To celebrate the 100th anniversary of the First World War, we are unveiling a miniature war sculpture that will also raise funds for The Royal British Legion.
On Monday 4th August, we will unveil ‘Never Forgotten’ by Nic Joly, a poignant commemorative piece to mark the centenary of the outbreak of the First World War. We are hoping to raise thousands of pounds for The Royal British Legion through the sale of miniature limited edition sculptures.
The Royal British Legion is the UK’s leading Armed Forces charity, providing practical, emotional and financial support to all members of the British Armed Forces past and present, and their families.
Nic Joly, who is known for his miniature pieces of sculptural theatre, has created 1,566 bronze pieces, reflecting the number of days that the First World War was fought. Joly has also included information on the back of every one to explain what happened on that particular day, making each one unique.
Each piece costs £695 and £100 from each sale will be donated to The Royal British Legion.
The artwork depicts two soldiers raising a red poppy – a direct reference to one of the most iconic images of war: the Joe Rosenthal photograph of US soldiers raising the flag on the island of Iwo Jima during the Second World War.
A spokesperson from The Royal British Legion, said:
“We are delighted that Nic has chosen The Royal British Legion to receive a share of the income from his fantastic project.
It is particularly poignant in this, the centenary year of the beginning of World War I, that he has chosen the poppy, the national symbol of remembrance, as the centrepiece of his work. The Royal British Legion was founded in the aftermath of The Great War and has, since 1921, provided support for the Armed Forces Community. Nic’s amazing gesture will help us to continue our work with serving personnel, veterans and Armed Forces families who are in need of help.”
Nic said he was inspired to create the original piece, the idea for which was conceived in 2012, after meeting a 96-year-old war veteran who had flown a glider into Arnhem in the Second World War, just weeks after the D-Day landings:
“In my own small way, I want this piece to remind us that all those who have given their lives in conflicts from The First World War until the present day will be ‘Never Forgotten’.
I was struck by the fact that what we all think of the first war is as distant history, a black and white image based view. The meeting made it all so real, and so relevant. All those that fought and died were just like you and me – they were normal people in a terrible situation but doing incredible things.”
As a gallery we feel privileged to have the sculpture on display for the lovely pole of Edinburgh to come and remember the lost soldiers of the First World War. ‘Never Forgotten’ is an emotive piece and reminds us to remember all those past and present, who have served and given their lives for the country.
Known for using his local Tyneside “Gadgies” as models in his work, which is collected by art lovers and celebrities across the globe, Millar is openly inspired by the working men and women of Britain. Millar has successfully transposed his famous Gadgie’s charm from 2D to 3D with this charming representation in bronze.
An edition of 95, this sculpture is available to buy in Edinburgh now priced at £2,350.
Nic Joly juxtaposes his incredibly intricate and delicate pieces of art with satirical subject matter and is never afraid to poke fun at himself or others.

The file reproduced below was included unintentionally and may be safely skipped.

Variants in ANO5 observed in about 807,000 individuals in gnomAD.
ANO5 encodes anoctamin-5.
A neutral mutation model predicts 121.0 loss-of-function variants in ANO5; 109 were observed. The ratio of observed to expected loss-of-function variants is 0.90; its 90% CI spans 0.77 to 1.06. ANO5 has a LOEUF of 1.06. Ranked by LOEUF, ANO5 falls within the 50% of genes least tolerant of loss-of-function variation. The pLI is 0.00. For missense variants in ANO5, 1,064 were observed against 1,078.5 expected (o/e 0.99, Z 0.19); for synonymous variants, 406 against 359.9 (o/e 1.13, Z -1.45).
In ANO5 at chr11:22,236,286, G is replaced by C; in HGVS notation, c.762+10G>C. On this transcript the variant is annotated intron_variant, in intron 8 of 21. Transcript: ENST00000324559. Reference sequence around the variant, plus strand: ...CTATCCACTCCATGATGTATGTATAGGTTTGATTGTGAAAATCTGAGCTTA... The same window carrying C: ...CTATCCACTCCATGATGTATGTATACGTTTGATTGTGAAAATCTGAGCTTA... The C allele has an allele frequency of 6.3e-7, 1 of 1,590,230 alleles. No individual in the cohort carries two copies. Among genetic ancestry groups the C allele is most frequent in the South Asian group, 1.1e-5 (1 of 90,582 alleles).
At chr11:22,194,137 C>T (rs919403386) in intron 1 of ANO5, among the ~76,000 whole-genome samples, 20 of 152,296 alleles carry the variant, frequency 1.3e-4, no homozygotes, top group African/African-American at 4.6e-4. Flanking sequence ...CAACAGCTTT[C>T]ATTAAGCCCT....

From his studio in Alresford, Hampshire, as his starting point the sculptor uses his incredibly dry sense of humour for the minuscule tableaux and you only have to study his inaugural spring collection to see how light-hearted irreverence permeates each piece.
From the devil in a light bulb to a skier hurtling down a mountain of cocaine snow, Joly gains his inspiration from life and human transgression.
His obsession with creating such tiny masterpieces from intricately painted paper and cotton-wrapped wire came in 2005, when his first son was born.
“I would leave small doors, people and windows around the house for him to find and be intrigued by. I realised these creations were like small pieces of theatre, echoing the world around us. I started to frame them up behind glass, and here we are.”
The former furniture maker, who has spent his entire life whittling, creating and making objects, has created four stunning pieces of limited edition 3-D artwork each carefully hand-finished, painted and framed.
“I have long been fascinated with the miniature, even as a child making small scenarios out of paper and card to get lost with my imagination. This sense of play has never left me; the only thing that has changed are the subjects and observations I now tackle with my imagination and creations”
The figures in Joly’s works are all made from scratch using wire, thread, clay, paper and paint, which he then places into their own scenes. These scenes often incorporate everyday objects, be it a hollowed out light bulb, figures perched on a gun, or carrying the weight of an addiction such as a cigarette.
On The Edge
With the 3-D editions, Joly created the original figures and then through the lost wax process he cast the figures in bronze and painted them. They are then framed by him in the studio.
“It is so important to me that all aspects of my work are in my complete control, so I do everything from the frame making to the finished works. In my own small way I strive to create my own worlds and sculptures – to ask and bring the forefront dilemmas and questions that we all feel and face day to day – as well as highlight the madness that is all around us.”
Two of Joly’s satirical works have been made into giclée photographs for the first time.